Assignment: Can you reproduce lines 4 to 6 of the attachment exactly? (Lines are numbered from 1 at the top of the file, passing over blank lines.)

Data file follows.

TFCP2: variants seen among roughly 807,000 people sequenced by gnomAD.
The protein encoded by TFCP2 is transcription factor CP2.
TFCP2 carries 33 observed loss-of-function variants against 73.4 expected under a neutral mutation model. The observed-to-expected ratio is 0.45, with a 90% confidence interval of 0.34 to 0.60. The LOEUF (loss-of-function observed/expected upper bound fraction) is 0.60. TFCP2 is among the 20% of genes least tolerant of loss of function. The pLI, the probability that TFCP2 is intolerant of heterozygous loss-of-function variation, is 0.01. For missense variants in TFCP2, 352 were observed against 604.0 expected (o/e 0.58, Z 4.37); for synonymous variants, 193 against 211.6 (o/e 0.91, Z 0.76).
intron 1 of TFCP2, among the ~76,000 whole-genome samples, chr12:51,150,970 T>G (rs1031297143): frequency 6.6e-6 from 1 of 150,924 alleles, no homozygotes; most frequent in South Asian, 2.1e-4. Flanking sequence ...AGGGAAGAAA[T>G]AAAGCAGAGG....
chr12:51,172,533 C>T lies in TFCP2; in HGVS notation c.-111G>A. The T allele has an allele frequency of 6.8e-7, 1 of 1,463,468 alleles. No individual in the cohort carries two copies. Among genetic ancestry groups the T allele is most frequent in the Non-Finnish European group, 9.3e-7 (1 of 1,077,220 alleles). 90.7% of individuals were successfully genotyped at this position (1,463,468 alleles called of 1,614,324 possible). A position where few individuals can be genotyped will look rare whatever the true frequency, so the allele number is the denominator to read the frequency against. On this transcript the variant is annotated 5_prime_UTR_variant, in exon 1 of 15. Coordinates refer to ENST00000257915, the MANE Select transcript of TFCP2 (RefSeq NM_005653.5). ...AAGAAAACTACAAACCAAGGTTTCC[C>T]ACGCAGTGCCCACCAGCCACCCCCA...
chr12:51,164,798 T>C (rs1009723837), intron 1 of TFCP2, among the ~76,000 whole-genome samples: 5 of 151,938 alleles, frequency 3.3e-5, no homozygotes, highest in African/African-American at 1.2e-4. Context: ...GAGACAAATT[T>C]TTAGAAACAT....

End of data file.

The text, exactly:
intron 1 of TFCP2, among the ~76,000 whole-genome samples, chr12:51,150,970 T>G (rs1031297143): frequency 6.6e-6 from 1 of 150,924 alleles, no homozygotes; most frequent in South Asian, 2.1e-4. Flanking sequence ...AGGGAAGAAA[T>G]AAAGCAGAGG....
chr12:51,172,533 C>T lies in TFCP2; in HGVS notation c.-111G>A. The T allele has an allele frequency of 6.8e-7, 1 of 1,463,468 alleles. No individual in the cohort carries two copies. Among genetic ancestry groups the T allele is most frequent in the Non-Finnish European group, 9.3e-7 (1 of 1,077,220 alleles). 90.7% of individuals were successfully genotyped at this position (1,463,468 alleles called of 1,614,324 possible). A position where few individuals can be genotyped will look rare whatever the true frequency, so the allele number is the denominator to read the frequency against. On this transcript the variant is annotated 5_prime_UTR_variant, in exon 1 of 15. Coordinates refer to ENST00000257915, the MANE Select transcript of TFCP2 (RefSeq NM_005653.5). ...AAGAAAACTACAAACCAAGGTTTCC[C>T]ACGCAGTGCCCACCAGCCACCCCCA...
chr12:51,164,798 T>C (rs1009723837), intron 1 of TFCP2, among the ~76,000 whole-genome samples: 5 of 151,938 alleles, frequency 3.3e-5, no homozygotes, highest in African/African-American at 1.2e-4. Context: ...GAGACAAATT[T>C]TTAGAAACAT....